Introduction to Mexico City: A Three-Part Course with Julio Pastor

Introduction to Mexico City: A Three-Part Course with Julio Pastor


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Join a local expert on this multi-part course through the animated Mexican capital. Each lecture is devoted to the archeological, artistic, and architectural highlights of this bustling megalopolis through the lens of a distinct neighborhood. We’ll emerge with a well-rounded understanding of many facets of life in Mexico, from history to food to politics, and the built environment.
We will start in the historic center where we’ll note how the different periods of Mexican history materialize into the urban landscape. We’ll learn about the history of the country through an artist-led guided study of the iconic murals of Diego Rivera. Afterward, we’ll head south to Xochimilco, where we’ll get a glimpse of what the Aztec city looked like prior to the Spanish conquest. After losing ourselves in the alleys of a local food market, we’ll move over to Coyoacán, the birthplace of the iconic artist Frida Kahlo. We’ll take a stroll through the streets of the trendy Roma and Condesa neighborhoods and look at the most emblematic examples of modernist architecture. Finally, we’ll cross over to Chapultepec, where we will discuss the revolutionary art of David Alfaro Siqueiros, and the pre-Columbian monolithic masterpieces kept at the Anthropology Museum.
Led by visual artist and Mexico City resident Julio Pastor, this course will look into the art and architecture of Mexico City, beyond the limits of these disciplines. Designed to inform curiosity as well as future travels, participants will come away with an increased understanding of the cultural diversity of the city, and the importance of Mexican culture beyond the country’s borders.

Lecture 1: Centro Histórico
We’ll start our course by walking the streets of the Centro Histórico. We’ll step into the National Palace as we see walls adorned with Diego Rivera’s murals that depict Mexico’s colorful history. We’ll cross over to the Templo Mayor to visualize the Pre-Columbian past before moving on to discuss examples of colonial architecture such as the Cathedral and the Palacio de Minería. We’ll finish with a look at the most iconic buildings of the Independent Era: Bellas Artes, the Palacio Postal, and the Monument to the Revolution.

Lecture 2: Xochimilco
The neighborhood of Xochimilco offers us the opportunity to understand how the Aztecs created a lake city with canals instead of roads. We will also take advantage of our stop here to visit a local market and discuss food production and consumption in the past and present-day Mexico. We’ll carry on our visit by walking the neighborhood of Coyoacán, where we’ll visit the Casa Azul (birth and resting place of Frida Kahlo). From there, we’ll cross over to the neighborhood of San Ángel, where we’ll look into the functionalist architecture of another of the residences of Diego Rivera and Frida Kahlo.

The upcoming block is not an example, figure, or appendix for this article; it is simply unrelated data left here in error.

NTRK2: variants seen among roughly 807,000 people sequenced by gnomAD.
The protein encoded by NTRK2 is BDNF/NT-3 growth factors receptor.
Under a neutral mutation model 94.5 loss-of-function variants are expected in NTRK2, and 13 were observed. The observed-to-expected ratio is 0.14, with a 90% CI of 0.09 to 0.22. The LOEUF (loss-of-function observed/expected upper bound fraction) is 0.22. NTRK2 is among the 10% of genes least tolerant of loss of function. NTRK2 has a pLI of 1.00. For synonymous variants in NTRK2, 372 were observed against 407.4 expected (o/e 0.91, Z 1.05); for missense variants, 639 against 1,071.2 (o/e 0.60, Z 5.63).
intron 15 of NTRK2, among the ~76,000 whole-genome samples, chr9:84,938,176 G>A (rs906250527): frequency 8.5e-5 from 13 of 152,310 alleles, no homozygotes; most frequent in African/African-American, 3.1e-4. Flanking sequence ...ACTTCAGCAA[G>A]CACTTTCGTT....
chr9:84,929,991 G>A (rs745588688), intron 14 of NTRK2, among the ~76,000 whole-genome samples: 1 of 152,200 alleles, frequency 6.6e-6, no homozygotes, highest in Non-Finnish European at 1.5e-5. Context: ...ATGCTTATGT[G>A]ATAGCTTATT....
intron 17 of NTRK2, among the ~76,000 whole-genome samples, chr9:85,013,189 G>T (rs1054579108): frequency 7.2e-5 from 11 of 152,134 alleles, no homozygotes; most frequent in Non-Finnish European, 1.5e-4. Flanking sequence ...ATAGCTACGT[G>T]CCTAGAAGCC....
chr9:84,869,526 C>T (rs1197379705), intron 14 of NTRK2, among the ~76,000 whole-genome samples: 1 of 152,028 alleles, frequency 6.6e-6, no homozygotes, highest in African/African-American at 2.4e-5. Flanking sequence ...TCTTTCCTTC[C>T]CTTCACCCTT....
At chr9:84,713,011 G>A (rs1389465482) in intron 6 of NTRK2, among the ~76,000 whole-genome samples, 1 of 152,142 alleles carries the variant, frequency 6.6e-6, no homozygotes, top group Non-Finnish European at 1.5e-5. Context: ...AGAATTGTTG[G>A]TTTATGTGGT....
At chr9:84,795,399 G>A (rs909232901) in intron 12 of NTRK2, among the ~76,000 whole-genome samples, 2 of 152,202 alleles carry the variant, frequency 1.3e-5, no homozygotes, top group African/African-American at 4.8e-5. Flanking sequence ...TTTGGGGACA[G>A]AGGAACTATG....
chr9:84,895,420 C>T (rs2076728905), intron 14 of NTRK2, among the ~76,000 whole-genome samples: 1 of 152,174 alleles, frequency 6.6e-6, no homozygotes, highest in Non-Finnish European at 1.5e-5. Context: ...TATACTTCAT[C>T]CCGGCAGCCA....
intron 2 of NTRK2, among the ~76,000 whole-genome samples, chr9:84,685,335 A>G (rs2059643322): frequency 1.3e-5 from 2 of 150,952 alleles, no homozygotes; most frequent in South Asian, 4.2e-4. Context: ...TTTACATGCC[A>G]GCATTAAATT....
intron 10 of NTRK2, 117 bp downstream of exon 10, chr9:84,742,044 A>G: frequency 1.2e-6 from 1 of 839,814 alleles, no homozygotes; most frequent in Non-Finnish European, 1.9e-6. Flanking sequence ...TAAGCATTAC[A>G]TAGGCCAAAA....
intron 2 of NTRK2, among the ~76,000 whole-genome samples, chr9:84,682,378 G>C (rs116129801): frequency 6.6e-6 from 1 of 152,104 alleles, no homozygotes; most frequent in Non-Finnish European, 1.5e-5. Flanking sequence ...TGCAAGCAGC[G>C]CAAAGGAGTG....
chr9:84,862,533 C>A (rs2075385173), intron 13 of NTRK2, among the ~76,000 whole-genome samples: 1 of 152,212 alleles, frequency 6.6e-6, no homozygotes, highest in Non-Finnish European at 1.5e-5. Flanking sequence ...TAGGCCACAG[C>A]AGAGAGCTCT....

Lecture 3: Chapultepec, Roma and Condesa
Chapultepec is a park that has a substantial cultural offering. We’ll be looking into the most iconic pieces of the Anthropology Museum. We’ll cross over to the Castle of Chapultepec, where we will discuss the revolutionary art of David Alfaro Siqueiros. Afterward, we’ll move south of the park, where we’ll step into the iconic residence and studio of modernist architect Luis Barragán. Finally, we’ll continue our talk of Mexican architecture by looking into the wide range of styles that make up the urban landscape of Roma and Condesa neighborhoods, from Art Nouveau and Art Deco to Functionalism and other recent proposals.

Born and raised in Mexico City, Julio Pastor is a proud pedestrian of his native city. He completed a BA in Fine Arts at UNAM. In 2008, he moved to the Netherlands where he completed his MFA, specializing in the Urban Landscape. After seven years, he returned to Mexico and turned the focus of his art production to the city that he roams every day. His art production is thoroughly inspired on what he encounters during his everyday walks, but also by a great deal of reading on topics related to architecture and urbanism. When not working at his art practice, Julio can be found teaching undergraduate drawing courses in the architecture department at the Universidad Iberoamericana, or enjoying the city with his wife and two children.

How does it work?
This is a three-part course hosted on Zoom. Please check the schedule for the specific dates and times for each lecture.
How long are the lectures?
Each lecture is 90 minutes long with time for Q&A.
How much is the course?
$105 for three 90-minute lectures.
Is a recording available?
Yes, a recording will be emailed within 24 hours of each session's conclusion. 

This conversation is suitable for all ages.

90 minutes, including a 30 minute Q&A.

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